I love a good, hearty soup in winter. With some crusty bread by the side, it can be a meal on its own for me.
Soups, -“Corba” in Turkish-, form a very important part of Turkish diet; almost every dinner, especially in cooler months, start with soup in Turkish households. In rural Anatolia, it is also common for this Yayla Corbasi, yoghurt & rice soup with dried mint and red pepper flakes or Mercimek Corbasi, the hearty and delicious lentil soup to be eaten as breakfast, for a substantial meal, throughout the year. You see soup stalls in every town, village and city in Turkey.
We have all been feeling a little under the weather last week and I made this simple, but delicious soup, using the vegetables I had in the fridge. Potatoes, carrots, onion, garlic, celery all work wonders when brought together with a drizzle of olive oil, a good quality can of chopped tomatoes and a squeeze of lemon. The chickpeas also add a wonderful texture and taste, as well as making the soup more substantial. Here again spices take special credit; 1-2 teaspoonful of red pepper flakes will add a lot of flavor naturally to the soup (and the research says red pepper flakes do help you to lose weight! 🙂
But I couldn’t stop there. Once in a while, I do crave our spicy Turkish sausage, Sucuk. Shaped like a horseshoe, Sucuk is a cured sausage made with lamb or beef, and flavored with garlic and spices; I love its spicy taste with cumin notes in it (and sucuk is one of the highlights of the Turkish Breakfast!). I decided to add some sautéed sliced Turkish sausage over my vegetable soup. This delicious addition made the soup even more exciting, with all my taste buds having one great feast! I hope you can get Turkish sausage, sucuk, if not, the Spanish chorizo sausage would work well in this soup too. This version is not a traditional Turkish soup; I have experimented using sauteed Turkish sausage here and delighted to see that it worked well.
Here is the recipe for the soup – you can enjoy the vegetarian version or have a go at the one with spicy sausages, sucuk. We had both versions depending on our mood and very much we enjoyed them.
Preparation time: 25 minutes Cooking time: 35-40 minutes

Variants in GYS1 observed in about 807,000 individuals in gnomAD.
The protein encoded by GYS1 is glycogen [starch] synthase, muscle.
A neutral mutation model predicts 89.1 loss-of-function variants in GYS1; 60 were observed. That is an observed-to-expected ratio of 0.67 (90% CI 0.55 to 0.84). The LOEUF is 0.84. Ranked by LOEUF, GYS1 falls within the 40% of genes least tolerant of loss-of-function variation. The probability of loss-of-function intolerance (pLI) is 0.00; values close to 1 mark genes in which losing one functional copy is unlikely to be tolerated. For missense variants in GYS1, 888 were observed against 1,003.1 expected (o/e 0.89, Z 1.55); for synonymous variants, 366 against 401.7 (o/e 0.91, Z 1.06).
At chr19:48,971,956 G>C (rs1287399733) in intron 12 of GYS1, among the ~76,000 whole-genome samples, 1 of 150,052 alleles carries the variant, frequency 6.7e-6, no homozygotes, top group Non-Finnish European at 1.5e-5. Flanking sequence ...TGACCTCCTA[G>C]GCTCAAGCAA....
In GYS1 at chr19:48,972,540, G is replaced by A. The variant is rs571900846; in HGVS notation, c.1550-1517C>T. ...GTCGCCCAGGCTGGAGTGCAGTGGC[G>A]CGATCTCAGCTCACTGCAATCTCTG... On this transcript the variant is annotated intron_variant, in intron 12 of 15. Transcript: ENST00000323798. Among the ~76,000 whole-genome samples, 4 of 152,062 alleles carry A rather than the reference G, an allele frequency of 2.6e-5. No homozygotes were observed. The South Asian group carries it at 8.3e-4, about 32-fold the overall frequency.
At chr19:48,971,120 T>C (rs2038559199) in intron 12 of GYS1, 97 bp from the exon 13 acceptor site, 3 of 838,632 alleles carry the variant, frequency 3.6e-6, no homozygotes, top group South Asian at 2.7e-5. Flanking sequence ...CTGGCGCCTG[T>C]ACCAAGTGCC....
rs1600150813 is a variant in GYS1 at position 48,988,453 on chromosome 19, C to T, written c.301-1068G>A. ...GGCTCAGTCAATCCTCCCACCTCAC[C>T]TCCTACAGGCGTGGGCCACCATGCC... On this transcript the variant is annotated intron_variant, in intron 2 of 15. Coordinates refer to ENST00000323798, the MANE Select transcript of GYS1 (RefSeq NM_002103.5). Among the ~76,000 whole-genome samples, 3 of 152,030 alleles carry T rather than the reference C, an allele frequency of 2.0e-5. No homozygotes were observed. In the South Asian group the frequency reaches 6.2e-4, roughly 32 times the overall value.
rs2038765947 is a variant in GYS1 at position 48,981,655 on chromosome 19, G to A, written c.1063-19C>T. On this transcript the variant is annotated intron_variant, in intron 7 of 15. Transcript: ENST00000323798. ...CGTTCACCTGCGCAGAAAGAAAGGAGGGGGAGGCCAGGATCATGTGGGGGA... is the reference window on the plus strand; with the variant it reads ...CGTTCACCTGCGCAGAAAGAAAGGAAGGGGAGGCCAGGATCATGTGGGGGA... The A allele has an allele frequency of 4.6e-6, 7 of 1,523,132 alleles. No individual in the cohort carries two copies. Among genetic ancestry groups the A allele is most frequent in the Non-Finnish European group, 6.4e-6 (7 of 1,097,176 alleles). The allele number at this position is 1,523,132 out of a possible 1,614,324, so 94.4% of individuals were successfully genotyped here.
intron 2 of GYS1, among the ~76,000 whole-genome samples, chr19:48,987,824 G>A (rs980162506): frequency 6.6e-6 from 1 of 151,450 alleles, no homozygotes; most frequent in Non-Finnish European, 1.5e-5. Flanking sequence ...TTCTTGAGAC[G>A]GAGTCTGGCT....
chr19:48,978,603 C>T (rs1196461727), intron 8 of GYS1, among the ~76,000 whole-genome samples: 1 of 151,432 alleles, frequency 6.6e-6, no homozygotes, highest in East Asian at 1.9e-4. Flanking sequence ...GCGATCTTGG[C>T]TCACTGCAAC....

2 medium potatoes, cut in small chunks
2 onions, finely chopped
1 medium carrot, cut in small chunks
4-6 garlic cloves, finely chopped
3 celery sticks, cut in small chunks
Juice of 1 lemon
30ml/2 tbsp olive oil
400gr/14oz can of Italian chopped tomatoes
400gr/14oz can of cooked chickpeas (garbanzo beans) drained and rinsed
1.75lt/3pints/7 ½ cups water (or chicken stock, if you prefer)
Handful of flat leaf parsley, finely chopped
Salt and freshly ground black pepper to taste
15ml/ 1tbsp red pepper flakes
For sautéed Sucuk, Turkish cured beef/lamb sausage:
75gr /3oz Turkish cured sausage, Sucuk, quartered and sliced
15 ml, 1 tbsp olive oil
Wedges of lemon to serve
Crusty bread to serve
Heat the olive oil in a deep heavy pan and stir in the onion; sauté for a few minutes until they begin to color. Then add the rest of the vegetables, toss in and cook for 2-3 minutes. Season with salt, freshly ground black pepper and red pepper flakes, and combine well.
Stir in the chopped tomatoes and pour in the water (or stock) and bring to the boil. Lower the heat and partially cover the pan with a lid and simmer for about 25-30 minutes or until the vegetables are tender.
Add the chopped parsley, (drained and rinsed) cooked chickpeas and the lemon juice, combine well. Check the seasoning and add more salt, ground black pepper and red pepper flakes according to your taste, turn the heat off. Your vegetable soup with chickpeas ready; serve hot with plenty crusty bread and a wedge of lemon by the side for extra zing.